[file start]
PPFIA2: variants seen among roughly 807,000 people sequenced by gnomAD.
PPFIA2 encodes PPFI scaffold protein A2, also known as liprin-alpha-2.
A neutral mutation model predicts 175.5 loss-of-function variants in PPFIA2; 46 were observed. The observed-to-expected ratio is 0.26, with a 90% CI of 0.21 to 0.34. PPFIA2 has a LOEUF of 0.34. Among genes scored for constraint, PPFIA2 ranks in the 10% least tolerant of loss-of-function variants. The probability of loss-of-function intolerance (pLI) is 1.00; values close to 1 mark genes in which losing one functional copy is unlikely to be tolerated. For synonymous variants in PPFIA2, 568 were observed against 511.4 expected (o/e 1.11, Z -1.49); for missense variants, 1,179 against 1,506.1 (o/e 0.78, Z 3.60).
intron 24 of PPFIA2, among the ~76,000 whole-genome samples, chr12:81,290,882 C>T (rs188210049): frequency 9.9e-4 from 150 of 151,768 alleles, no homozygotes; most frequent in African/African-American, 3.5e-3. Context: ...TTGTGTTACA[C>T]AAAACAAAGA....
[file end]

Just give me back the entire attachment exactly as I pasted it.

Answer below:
PPFIA2: variants seen among roughly 807,000 people sequenced by gnomAD.
PPFIA2 encodes PPFI scaffold protein A2, also known as liprin-alpha-2.
A neutral mutation model predicts 175.5 loss-of-function variants in PPFIA2; 46 were observed. The observed-to-expected ratio is 0.26, with a 90% CI of 0.21 to 0.34. PPFIA2 has a LOEUF of 0.34. Among genes scored for constraint, PPFIA2 ranks in the 10% least tolerant of loss-of-function variants. The probability of loss-of-function intolerance (pLI) is 1.00; values close to 1 mark genes in which losing one functional copy is unlikely to be tolerated. For synonymous variants in PPFIA2, 568 were observed against 511.4 expected (o/e 1.11, Z -1.49); for missense variants, 1,179 against 1,506.1 (o/e 0.78, Z 3.60).
intron 24 of PPFIA2, among the ~76,000 whole-genome samples, chr12:81,290,882 C>T (rs188210049): frequency 9.9e-4 from 150 of 151,768 alleles, no homozygotes; most frequent in African/African-American, 3.5e-3. Context: ...TTGTGTTACA[C>T]AAAACAAAGA....